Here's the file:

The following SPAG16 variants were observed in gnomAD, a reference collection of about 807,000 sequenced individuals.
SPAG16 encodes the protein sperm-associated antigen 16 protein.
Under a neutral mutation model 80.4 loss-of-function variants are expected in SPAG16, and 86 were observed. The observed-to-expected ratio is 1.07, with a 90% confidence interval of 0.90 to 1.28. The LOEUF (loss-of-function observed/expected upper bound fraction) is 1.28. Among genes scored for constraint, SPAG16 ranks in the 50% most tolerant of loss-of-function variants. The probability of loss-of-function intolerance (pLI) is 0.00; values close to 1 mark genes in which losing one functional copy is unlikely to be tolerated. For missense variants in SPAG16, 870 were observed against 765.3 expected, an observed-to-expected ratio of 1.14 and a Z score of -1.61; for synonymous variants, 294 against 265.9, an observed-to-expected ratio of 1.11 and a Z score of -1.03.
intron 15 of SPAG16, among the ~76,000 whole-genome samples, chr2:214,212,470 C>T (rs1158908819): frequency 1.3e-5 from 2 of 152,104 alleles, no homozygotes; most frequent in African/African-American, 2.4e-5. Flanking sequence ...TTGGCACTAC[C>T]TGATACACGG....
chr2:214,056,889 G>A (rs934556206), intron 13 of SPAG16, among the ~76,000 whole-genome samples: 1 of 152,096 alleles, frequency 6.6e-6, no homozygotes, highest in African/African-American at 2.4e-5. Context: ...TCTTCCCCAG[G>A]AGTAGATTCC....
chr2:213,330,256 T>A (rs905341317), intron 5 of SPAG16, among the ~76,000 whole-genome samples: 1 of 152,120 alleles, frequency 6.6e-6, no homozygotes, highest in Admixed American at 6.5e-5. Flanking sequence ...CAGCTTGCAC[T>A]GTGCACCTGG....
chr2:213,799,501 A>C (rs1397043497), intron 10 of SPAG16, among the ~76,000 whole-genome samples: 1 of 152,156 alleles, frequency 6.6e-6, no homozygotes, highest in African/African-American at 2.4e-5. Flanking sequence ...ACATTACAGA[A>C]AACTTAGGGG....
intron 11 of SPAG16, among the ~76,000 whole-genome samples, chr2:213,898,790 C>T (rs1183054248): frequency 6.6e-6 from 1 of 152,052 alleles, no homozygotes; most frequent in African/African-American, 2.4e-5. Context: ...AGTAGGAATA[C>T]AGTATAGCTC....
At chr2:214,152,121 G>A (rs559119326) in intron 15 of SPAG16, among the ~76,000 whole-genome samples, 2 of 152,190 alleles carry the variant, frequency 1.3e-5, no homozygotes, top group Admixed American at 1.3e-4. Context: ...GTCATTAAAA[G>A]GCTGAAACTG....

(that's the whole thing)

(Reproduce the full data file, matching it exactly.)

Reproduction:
The following SPAG16 variants were observed in gnomAD, a reference collection of about 807,000 sequenced individuals.
SPAG16 encodes the protein sperm-associated antigen 16 protein.
Under a neutral mutation model 80.4 loss-of-function variants are expected in SPAG16, and 86 were observed. The observed-to-expected ratio is 1.07, with a 90% confidence interval of 0.90 to 1.28. The LOEUF (loss-of-function observed/expected upper bound fraction) is 1.28. Among genes scored for constraint, SPAG16 ranks in the 50% most tolerant of loss-of-function variants. The probability of loss-of-function intolerance (pLI) is 0.00; values close to 1 mark genes in which losing one functional copy is unlikely to be tolerated. For missense variants in SPAG16, 870 were observed against 765.3 expected, an observed-to-expected ratio of 1.14 and a Z score of -1.61; for synonymous variants, 294 against 265.9, an observed-to-expected ratio of 1.11 and a Z score of -1.03.
intron 15 of SPAG16, among the ~76,000 whole-genome samples, chr2:214,212,470 C>T (rs1158908819): frequency 1.3e-5 from 2 of 152,104 alleles, no homozygotes; most frequent in African/African-American, 2.4e-5. Flanking sequence ...TTGGCACTAC[C>T]TGATACACGG....
chr2:214,056,889 G>A (rs934556206), intron 13 of SPAG16, among the ~76,000 whole-genome samples: 1 of 152,096 alleles, frequency 6.6e-6, no homozygotes, highest in African/African-American at 2.4e-5. Context: ...TCTTCCCCAG[G>A]AGTAGATTCC....
chr2:213,330,256 T>A (rs905341317), intron 5 of SPAG16, among the ~76,000 whole-genome samples: 1 of 152,120 alleles, frequency 6.6e-6, no homozygotes, highest in Admixed American at 6.5e-5. Flanking sequence ...CAGCTTGCAC[T>A]GTGCACCTGG....
chr2:213,799,501 A>C (rs1397043497), intron 10 of SPAG16, among the ~76,000 whole-genome samples: 1 of 152,156 alleles, frequency 6.6e-6, no homozygotes, highest in African/African-American at 2.4e-5. Flanking sequence ...ACATTACAGA[A>C]AACTTAGGGG....
intron 11 of SPAG16, among the ~76,000 whole-genome samples, chr2:213,898,790 C>T (rs1183054248): frequency 6.6e-6 from 1 of 152,052 alleles, no homozygotes; most frequent in African/African-American, 2.4e-5. Context: ...AGTAGGAATA[C>T]AGTATAGCTC....
At chr2:214,152,121 G>A (rs559119326) in intron 15 of SPAG16, among the ~76,000 whole-genome samples, 2 of 152,190 alleles carry the variant, frequency 1.3e-5, no homozygotes, top group Admixed American at 1.3e-4. Context: ...GTCATTAAAA[G>A]GCTGAAACTG....